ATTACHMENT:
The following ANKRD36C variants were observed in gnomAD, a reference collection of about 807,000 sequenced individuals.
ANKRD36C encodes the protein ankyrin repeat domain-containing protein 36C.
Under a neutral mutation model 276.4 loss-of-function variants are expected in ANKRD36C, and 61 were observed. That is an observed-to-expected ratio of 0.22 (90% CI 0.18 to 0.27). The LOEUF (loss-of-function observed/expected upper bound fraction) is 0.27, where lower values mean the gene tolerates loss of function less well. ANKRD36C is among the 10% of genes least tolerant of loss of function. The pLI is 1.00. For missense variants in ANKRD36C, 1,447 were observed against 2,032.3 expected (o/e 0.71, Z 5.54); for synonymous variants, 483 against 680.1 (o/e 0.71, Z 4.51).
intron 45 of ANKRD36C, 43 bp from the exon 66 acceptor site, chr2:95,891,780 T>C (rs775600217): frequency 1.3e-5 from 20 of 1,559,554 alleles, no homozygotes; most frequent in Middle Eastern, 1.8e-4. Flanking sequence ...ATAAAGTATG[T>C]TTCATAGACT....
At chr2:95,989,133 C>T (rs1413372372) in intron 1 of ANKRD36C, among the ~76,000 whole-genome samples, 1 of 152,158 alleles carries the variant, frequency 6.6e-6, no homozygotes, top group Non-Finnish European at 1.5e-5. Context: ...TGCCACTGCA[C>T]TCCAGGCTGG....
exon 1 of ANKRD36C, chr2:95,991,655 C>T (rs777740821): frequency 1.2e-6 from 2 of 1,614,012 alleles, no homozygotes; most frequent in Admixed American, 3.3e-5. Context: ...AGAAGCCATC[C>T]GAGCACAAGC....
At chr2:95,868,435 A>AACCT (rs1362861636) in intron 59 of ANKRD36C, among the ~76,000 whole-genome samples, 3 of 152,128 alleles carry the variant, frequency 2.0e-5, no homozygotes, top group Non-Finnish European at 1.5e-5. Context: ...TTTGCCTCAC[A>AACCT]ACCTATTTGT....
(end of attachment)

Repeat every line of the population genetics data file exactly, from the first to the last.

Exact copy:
The following ANKRD36C variants were observed in gnomAD, a reference collection of about 807,000 sequenced individuals.
ANKRD36C encodes the protein ankyrin repeat domain-containing protein 36C.
Under a neutral mutation model 276.4 loss-of-function variants are expected in ANKRD36C, and 61 were observed. That is an observed-to-expected ratio of 0.22 (90% CI 0.18 to 0.27). The LOEUF (loss-of-function observed/expected upper bound fraction) is 0.27, where lower values mean the gene tolerates loss of function less well. ANKRD36C is among the 10% of genes least tolerant of loss of function. The pLI is 1.00. For missense variants in ANKRD36C, 1,447 were observed against 2,032.3 expected (o/e 0.71, Z 5.54); for synonymous variants, 483 against 680.1 (o/e 0.71, Z 4.51).
intron 45 of ANKRD36C, 43 bp from the exon 66 acceptor site, chr2:95,891,780 T>C (rs775600217): frequency 1.3e-5 from 20 of 1,559,554 alleles, no homozygotes; most frequent in Middle Eastern, 1.8e-4. Flanking sequence ...ATAAAGTATG[T>C]TTCATAGACT....
At chr2:95,989,133 C>T (rs1413372372) in intron 1 of ANKRD36C, among the ~76,000 whole-genome samples, 1 of 152,158 alleles carries the variant, frequency 6.6e-6, no homozygotes, top group Non-Finnish European at 1.5e-5. Context: ...TGCCACTGCA[C>T]TCCAGGCTGG....
exon 1 of ANKRD36C, chr2:95,991,655 C>T (rs777740821): frequency 1.2e-6 from 2 of 1,614,012 alleles, no homozygotes; most frequent in Admixed American, 3.3e-5. Context: ...AGAAGCCATC[C>T]GAGCACAAGC....
At chr2:95,868,435 A>AACCT (rs1362861636) in intron 59 of ANKRD36C, among the ~76,000 whole-genome samples, 3 of 152,128 alleles carry the variant, frequency 2.0e-5, no homozygotes, top group Non-Finnish European at 1.5e-5. Context: ...TTTGCCTCAC[A>AACCT]ACCTATTTGT....